2013 An increasingly paranoid President François Bozizé made his final political mistake in January by ignoring an agreement with Séléka rebels to continue peace talks and disarmament efforts, and in March Michel Djotodia, then leader of Séléka, overthrew his government. The new government made several attempts to regain control of the situation and appease the international community, but these failed resulting in the dissolution of Séléka in September. Fighters within the group remained active in independent groups without tangible structure or hierarchy. Militias acted with near impunity across the country while UN Peacekeepers from MISCA and French soldiers struggled to bring peace or disarmament between ex-Séléka and anti-balaka militias.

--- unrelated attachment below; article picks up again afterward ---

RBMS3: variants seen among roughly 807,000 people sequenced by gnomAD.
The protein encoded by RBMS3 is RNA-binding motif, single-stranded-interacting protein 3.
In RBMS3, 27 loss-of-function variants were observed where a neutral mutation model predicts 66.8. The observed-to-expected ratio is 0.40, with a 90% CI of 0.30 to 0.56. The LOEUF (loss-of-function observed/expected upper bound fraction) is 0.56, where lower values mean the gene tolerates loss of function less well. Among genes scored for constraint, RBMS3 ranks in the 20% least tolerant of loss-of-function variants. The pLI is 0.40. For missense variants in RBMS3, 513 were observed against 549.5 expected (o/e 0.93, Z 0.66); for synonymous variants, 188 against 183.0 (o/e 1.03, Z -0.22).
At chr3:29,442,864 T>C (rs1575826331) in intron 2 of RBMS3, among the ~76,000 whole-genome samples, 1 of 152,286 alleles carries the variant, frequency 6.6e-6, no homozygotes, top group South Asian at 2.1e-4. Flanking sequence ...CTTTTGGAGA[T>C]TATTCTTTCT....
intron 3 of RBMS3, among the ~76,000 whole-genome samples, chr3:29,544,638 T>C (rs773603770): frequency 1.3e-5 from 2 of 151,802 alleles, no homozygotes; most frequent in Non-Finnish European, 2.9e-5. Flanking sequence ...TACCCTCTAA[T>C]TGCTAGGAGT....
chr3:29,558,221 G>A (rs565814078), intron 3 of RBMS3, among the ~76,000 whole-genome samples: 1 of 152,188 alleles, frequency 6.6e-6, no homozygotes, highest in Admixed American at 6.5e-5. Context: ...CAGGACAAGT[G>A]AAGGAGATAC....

Background

The political situation in the Central African Republic has been complex since its independence from France in 1960, with a history of coups and only one peaceful change of government. François Bozizé, who became president in a coup d’état in 2003, legitimized his power in the 2005 election. In the meantime, rebel opposition groups became concerned about regional marginalization and insecurity. The government began a counterinsurgency campaign in 2005. For the next two years, the state military forces were accused of severe human rights abuses, including the deaths of hundreds of civilians, the burning of tens of thousands of villages, and the displacement of more than 200,000 people. In 2008, peace talks led to an agreement to disarm by two of the main rebel groups. Following a national political dialogue, the process culminated in the creation of a national government of unity in 2009 and an independent electoral commission. The failure of President Bozizé to commit to the results of the national dialogue and subsequent disarmament talks and power-sharing arrangements led to the overthrow of his government in March 2013.